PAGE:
Canny is a fascinating main character surrounded by mysterious secondary characters whose secrets are slowly revealed as Knox layers each person’s story into others to create a complex world. If you also read Knox’s previous novels you'll catch small references to the Hame Dreamhunters, but this book brings readers into a fresh new aspect of that world with its own circuitous storyline.

For readers who like different time periods and cultures, this is a great blend of magical realism.  (Realistic fiction with a hint of magic) 

Tuesday, July 2, 2013

Review: Also Known As

Also Known As
by Robin Benway

Book Description:
Being a 16-year-old safecracker and active-duty daughter of international spies has its moments, good and bad. Pros: Seeing the world one crime-solving adventure at a time. Having parents with super cool jobs. Cons: Never staying in one place long enough to have friends or a boyfriend. But for Maggie Silver, the biggest perk of all has been avoiding high school and the accompanying cliques, bad lunches, and frustratingly simple locker combinations.

Then Maggie and her parents are sent to New York for her first solo assignment, and all of that changes. She'll need to attend a private school, avoid the temptation to hack the school's security system, and befriend one aggravatingly cute Jesse Oliver to gain the essential information she needs to crack the case . . . all while trying not to blow her cover.

I really enjoyed this light-hearted spy story.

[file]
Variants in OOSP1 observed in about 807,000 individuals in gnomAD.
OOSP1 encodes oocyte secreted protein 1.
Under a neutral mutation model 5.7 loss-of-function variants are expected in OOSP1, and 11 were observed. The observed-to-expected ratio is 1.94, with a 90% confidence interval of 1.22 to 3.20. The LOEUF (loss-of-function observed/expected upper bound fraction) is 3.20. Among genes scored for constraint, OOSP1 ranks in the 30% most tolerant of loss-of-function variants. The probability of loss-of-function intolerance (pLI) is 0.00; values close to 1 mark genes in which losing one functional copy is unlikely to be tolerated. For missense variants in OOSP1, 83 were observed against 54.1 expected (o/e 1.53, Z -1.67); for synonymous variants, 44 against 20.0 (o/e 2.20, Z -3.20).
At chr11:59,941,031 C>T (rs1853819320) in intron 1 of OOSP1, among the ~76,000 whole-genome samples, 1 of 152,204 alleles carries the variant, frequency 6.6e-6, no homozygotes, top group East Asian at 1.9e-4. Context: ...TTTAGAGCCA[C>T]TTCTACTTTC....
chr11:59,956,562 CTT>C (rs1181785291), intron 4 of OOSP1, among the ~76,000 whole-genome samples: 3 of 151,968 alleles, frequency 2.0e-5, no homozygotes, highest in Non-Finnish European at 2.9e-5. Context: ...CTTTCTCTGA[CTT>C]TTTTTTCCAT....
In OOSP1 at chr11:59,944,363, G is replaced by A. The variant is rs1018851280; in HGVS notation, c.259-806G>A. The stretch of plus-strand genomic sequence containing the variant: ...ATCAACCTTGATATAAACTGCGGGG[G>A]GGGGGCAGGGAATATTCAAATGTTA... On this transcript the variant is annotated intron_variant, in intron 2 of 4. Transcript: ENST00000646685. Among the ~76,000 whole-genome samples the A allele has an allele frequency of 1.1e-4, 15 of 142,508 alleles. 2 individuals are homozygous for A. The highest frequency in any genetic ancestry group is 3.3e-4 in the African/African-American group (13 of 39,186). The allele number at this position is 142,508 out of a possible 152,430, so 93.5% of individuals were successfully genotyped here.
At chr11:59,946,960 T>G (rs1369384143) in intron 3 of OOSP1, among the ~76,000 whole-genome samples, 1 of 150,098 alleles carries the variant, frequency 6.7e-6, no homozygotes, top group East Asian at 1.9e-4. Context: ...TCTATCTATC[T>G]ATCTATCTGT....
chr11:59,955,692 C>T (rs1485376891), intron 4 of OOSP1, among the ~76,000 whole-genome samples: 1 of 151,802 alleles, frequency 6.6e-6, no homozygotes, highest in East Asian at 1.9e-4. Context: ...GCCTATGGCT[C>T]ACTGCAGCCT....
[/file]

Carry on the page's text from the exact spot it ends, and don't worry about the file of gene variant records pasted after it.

The teen voice was perfect. Maggie and her friends were all totally believable, each with their own foibles and backgrounds. The action was both believable in the sense that Maggie was not the perfect spy... and had me on the edge of my seat at times.

The romance...ah, the romance... I loved it. It was rocky. It was funny. It was just gushy enough.

I did not want to put this book down at all as soon as I started reading and in fact, I would love to see a follow-up story! Fun, funny, and full of surprises.

Recommended for high school readers looking for a fun summer read! 

Monday, July 1, 2013

Review: Boundless

by Cynthia Hand
Unearthly series, book three

Book Description:
The past few years held more surprises than part-angel Clara Gardner ever could have anticipated. Yet through the dizzying high of first love to the agonizing low of losing someone close to her, the one thing she could no longer deny was that she was never meant to have a normal life.

Since discovering the special role she plays among the other angel-bloods, Clara has been determined to protect Tucker Avery from the evil that follows her . . . even if it means breaking both their hearts. Leaving town seemed like the best option, so she's headed back to California—and so is Christian Prescott, the irresistible boy from the vision that started her on this journey in the first place.

As Clara makes her way in a world that is frighteningly new, she discovers that the fallen angel who attacked her is watching her every move. And he's not the only one. . . . With the battle against the Black Wings looming, Clara knows she must finally fulfill her destiny. But it won't come without sacrifices and betrayal.

In the riveting finale of the Unearthly series, Clara must choose her fate once and for all.

I thought that Hand did a bang-up job finishing the series. There were things I thought would probably happen and they did, but the suspense to get there was perfect. Clara remained a character that I could totally believe, stuck in a situation that kept me riveted. I loved her relationships with friends and family and the way that nothing was black and white...everything had shades of gray. The way that the romance tied up, too, left me absolutely satisfied. All around this is one of the best angel-themed series I've read and I can't wait to recommend it to more readers!